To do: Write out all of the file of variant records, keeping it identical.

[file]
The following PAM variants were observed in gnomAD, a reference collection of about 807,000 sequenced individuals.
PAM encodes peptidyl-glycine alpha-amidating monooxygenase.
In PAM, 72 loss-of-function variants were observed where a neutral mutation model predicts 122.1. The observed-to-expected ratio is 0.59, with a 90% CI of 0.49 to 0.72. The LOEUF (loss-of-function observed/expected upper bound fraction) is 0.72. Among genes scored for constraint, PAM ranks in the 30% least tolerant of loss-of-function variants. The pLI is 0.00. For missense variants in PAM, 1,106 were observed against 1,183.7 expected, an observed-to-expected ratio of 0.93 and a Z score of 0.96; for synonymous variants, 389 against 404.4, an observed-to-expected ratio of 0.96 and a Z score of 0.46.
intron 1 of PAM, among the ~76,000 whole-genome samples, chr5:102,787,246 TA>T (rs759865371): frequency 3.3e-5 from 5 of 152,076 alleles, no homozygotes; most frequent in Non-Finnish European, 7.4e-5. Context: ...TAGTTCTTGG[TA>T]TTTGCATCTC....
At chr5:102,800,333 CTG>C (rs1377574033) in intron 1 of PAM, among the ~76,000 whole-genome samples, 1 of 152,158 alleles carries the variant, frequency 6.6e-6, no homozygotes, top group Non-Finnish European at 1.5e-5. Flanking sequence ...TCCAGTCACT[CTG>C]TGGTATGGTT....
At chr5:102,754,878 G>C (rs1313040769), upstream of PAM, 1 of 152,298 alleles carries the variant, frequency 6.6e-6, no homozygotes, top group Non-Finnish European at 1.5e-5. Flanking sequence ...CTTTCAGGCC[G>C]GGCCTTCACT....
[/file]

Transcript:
The following PAM variants were observed in gnomAD, a reference collection of about 807,000 sequenced individuals.
PAM encodes peptidyl-glycine alpha-amidating monooxygenase.
In PAM, 72 loss-of-function variants were observed where a neutral mutation model predicts 122.1. The observed-to-expected ratio is 0.59, with a 90% CI of 0.49 to 0.72. The LOEUF (loss-of-function observed/expected upper bound fraction) is 0.72. Among genes scored for constraint, PAM ranks in the 30% least tolerant of loss-of-function variants. The pLI is 0.00. For missense variants in PAM, 1,106 were observed against 1,183.7 expected, an observed-to-expected ratio of 0.93 and a Z score of 0.96; for synonymous variants, 389 against 404.4, an observed-to-expected ratio of 0.96 and a Z score of 0.46.
intron 1 of PAM, among the ~76,000 whole-genome samples, chr5:102,787,246 TA>T (rs759865371): frequency 3.3e-5 from 5 of 152,076 alleles, no homozygotes; most frequent in Non-Finnish European, 7.4e-5. Context: ...TAGTTCTTGG[TA>T]TTTGCATCTC....
At chr5:102,800,333 CTG>C (rs1377574033) in intron 1 of PAM, among the ~76,000 whole-genome samples, 1 of 152,158 alleles carries the variant, frequency 6.6e-6, no homozygotes, top group Non-Finnish European at 1.5e-5. Flanking sequence ...TCCAGTCACT[CTG>C]TGGTATGGTT....
At chr5:102,754,878 G>C (rs1313040769), upstream of PAM, 1 of 152,298 alleles carries the variant, frequency 6.6e-6, no homozygotes, top group Non-Finnish European at 1.5e-5. Flanking sequence ...CTTTCAGGCC[G>C]GGCCTTCACT....